Again, this isn’t the same for every single project. If you’re asked to sign a lien waiver or any other document, be sure to review it with a construction payment expert to make sure you have recovery options should you go unpaid over the course of the project.

Applying for final payment

When the end of the project comes into sight, it’s time to start thinking about applying for your final payment with McDermott.

Just like when you applied for your first payment, you’ll need to send a detailed pay app to McDermott. However, big general contractors often have a close-out process for their suppliers and subcontractors.

The project administrator will let you know which close-out documents you’ll need to fill out to apply for the final payment. In most cases, these documents will include a certificate of substantial completion, a completed punch list, and some form of lien waiver. You may be presented with a lien waiver in exchange for a promise of payment, but make sure you understand what you’re agreeing to before you sign anything.

3 Tips to Get Paid With McDermott

No matter how large, capable, and reliable the general contractor on your project is, you should always take steps to improve your chances of getting paid on time. That’s because the construction industry has some of the slowest payment times compared with almost any other industry.

On top of that, cash flow on any given construction project can be interrupted very easily, causing delays and disputes. To maximize your chances of avoiding dispute and nonpayment, you should do the following on every project:

1. Send a preliminary notice

Regardless of whether or not preliminary notices are required in your state, you should send one on every project. Preliminary notices notify the parties higher up the payment chain of who you are, what your job is on the project, and that you know what you’re doing. This alone tends to send your pay app to the top of the pile.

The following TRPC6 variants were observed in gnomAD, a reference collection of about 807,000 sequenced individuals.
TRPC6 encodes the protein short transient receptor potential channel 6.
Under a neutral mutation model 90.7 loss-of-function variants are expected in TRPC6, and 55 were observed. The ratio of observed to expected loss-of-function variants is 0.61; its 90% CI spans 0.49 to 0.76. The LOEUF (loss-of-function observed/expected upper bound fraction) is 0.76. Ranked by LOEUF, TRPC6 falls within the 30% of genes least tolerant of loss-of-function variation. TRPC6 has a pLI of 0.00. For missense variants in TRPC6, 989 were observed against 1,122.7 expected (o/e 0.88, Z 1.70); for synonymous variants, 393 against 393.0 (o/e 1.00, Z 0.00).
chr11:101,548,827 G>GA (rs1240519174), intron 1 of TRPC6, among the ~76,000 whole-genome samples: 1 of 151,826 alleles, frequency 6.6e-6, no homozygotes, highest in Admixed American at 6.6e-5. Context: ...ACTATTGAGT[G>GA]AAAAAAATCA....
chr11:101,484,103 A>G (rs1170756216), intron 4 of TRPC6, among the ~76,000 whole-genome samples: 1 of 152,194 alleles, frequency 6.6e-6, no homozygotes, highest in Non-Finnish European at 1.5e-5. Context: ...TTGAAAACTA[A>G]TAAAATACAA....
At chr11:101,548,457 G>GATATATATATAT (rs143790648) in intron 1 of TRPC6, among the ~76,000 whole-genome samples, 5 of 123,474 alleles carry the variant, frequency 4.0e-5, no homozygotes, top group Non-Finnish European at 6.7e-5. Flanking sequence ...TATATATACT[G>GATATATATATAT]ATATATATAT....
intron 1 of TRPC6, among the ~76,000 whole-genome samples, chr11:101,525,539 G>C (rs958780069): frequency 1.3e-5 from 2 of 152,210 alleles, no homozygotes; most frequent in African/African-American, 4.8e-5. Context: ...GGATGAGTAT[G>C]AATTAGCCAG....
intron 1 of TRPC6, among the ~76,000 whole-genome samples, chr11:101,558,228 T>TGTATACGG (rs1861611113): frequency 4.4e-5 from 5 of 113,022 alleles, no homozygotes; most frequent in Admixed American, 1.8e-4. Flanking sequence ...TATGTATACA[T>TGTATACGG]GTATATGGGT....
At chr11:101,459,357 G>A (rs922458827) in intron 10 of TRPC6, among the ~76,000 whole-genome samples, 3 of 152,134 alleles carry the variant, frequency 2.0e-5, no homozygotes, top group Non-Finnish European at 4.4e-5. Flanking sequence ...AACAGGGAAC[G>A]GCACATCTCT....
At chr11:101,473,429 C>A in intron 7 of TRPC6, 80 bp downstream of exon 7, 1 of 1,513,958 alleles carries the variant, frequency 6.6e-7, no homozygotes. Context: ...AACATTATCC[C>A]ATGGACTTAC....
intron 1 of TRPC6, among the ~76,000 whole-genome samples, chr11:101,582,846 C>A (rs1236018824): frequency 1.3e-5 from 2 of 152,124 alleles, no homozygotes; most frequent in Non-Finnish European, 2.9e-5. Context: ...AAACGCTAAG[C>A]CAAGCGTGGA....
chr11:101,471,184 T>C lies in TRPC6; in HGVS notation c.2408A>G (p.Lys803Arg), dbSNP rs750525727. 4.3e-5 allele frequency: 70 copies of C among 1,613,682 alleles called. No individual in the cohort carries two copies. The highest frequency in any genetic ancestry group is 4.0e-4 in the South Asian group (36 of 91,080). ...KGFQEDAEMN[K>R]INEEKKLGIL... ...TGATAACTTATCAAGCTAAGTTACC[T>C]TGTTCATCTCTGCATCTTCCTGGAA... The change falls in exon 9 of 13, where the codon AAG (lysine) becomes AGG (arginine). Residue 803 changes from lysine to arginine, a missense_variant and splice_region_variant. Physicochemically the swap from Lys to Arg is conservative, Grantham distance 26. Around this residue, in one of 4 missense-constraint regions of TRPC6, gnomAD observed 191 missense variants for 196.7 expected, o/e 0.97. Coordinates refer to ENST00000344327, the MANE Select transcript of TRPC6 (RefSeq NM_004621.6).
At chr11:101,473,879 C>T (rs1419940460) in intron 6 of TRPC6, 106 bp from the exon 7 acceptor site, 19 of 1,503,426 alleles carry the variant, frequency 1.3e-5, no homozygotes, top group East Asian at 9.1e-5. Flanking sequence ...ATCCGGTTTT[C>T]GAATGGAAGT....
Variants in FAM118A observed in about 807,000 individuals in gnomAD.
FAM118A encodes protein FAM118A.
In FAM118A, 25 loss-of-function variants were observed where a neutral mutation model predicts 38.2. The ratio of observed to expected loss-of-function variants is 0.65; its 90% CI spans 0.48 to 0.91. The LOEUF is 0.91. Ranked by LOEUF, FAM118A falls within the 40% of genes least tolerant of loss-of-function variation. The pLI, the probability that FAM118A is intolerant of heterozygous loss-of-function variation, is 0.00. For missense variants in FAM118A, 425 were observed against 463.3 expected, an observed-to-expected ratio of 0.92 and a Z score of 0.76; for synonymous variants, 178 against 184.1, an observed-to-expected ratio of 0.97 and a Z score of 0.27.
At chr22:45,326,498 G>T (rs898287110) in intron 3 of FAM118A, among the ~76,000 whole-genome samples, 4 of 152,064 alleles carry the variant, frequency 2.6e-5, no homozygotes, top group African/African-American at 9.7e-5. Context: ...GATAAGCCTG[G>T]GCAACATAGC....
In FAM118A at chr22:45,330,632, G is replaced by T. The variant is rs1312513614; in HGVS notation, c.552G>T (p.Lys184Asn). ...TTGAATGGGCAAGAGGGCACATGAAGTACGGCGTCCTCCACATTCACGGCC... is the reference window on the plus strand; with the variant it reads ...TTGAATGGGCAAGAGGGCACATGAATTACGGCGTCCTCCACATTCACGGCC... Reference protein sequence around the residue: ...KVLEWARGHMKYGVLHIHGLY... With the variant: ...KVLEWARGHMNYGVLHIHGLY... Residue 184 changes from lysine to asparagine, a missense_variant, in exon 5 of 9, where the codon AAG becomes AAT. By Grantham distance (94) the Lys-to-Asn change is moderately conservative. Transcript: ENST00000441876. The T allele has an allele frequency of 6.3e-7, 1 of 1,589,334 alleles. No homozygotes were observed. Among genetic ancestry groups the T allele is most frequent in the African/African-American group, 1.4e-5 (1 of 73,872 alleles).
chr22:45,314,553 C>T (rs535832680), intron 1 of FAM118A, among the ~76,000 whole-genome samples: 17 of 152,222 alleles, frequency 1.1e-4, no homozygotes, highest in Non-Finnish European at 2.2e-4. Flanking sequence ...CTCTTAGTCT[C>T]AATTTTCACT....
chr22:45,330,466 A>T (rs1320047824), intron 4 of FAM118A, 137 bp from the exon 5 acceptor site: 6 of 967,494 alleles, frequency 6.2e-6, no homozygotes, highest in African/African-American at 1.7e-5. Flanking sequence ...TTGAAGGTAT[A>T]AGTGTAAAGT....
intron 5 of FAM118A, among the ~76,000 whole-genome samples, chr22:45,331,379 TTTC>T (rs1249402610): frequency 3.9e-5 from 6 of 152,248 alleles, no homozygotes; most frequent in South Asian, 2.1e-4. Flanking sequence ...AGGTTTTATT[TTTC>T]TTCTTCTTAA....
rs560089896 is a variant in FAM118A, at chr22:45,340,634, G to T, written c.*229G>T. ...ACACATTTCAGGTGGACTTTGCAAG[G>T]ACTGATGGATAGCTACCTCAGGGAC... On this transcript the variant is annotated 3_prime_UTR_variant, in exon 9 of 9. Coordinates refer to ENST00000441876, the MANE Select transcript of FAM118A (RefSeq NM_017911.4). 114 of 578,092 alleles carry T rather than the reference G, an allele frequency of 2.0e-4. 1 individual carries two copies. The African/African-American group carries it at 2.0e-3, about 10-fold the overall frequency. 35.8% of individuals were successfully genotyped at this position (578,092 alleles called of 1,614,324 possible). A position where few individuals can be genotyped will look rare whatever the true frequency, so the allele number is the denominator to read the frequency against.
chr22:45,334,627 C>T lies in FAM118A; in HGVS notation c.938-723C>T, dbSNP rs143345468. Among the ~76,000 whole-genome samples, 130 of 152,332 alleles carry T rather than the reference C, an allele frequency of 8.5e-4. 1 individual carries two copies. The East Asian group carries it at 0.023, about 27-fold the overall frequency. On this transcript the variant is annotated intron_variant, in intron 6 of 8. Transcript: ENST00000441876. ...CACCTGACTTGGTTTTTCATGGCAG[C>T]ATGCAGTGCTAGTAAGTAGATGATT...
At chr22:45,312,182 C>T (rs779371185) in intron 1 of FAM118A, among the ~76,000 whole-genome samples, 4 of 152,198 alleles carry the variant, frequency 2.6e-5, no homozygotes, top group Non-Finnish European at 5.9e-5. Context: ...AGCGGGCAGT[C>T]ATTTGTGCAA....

Additionally, preliminary notices are often a requirement to maintain your mechanics lien rights. If you’re in a state where prelims are mandatory, failure to send one could cost you a lot of leverage if you go unpaid.

2. Send invoice reminders

Especially on larger projects with tons of subcontractors and suppliers, you should always send invoice reminders to make sure your pay app doesn’t get buried under all the rest. To make sure you’re using invoice reminders as efficiently as possible, it’s a best practice to set up a regular procedure for sending them. This incorporates reminders as part of your payment routine for each project you participate in.

3. Preserve your right to file a mechanics lien

Every state has mechanics lien laws, providing one of the most powerful collection tools that contractors have at their disposal. However, there are often very specific requirements that you must meet in order to file one.

Depending on which state you work in, these requirements often include sending the proper notices, meeting the proper deadlines, and having a valid contractors license for the work you’re doing.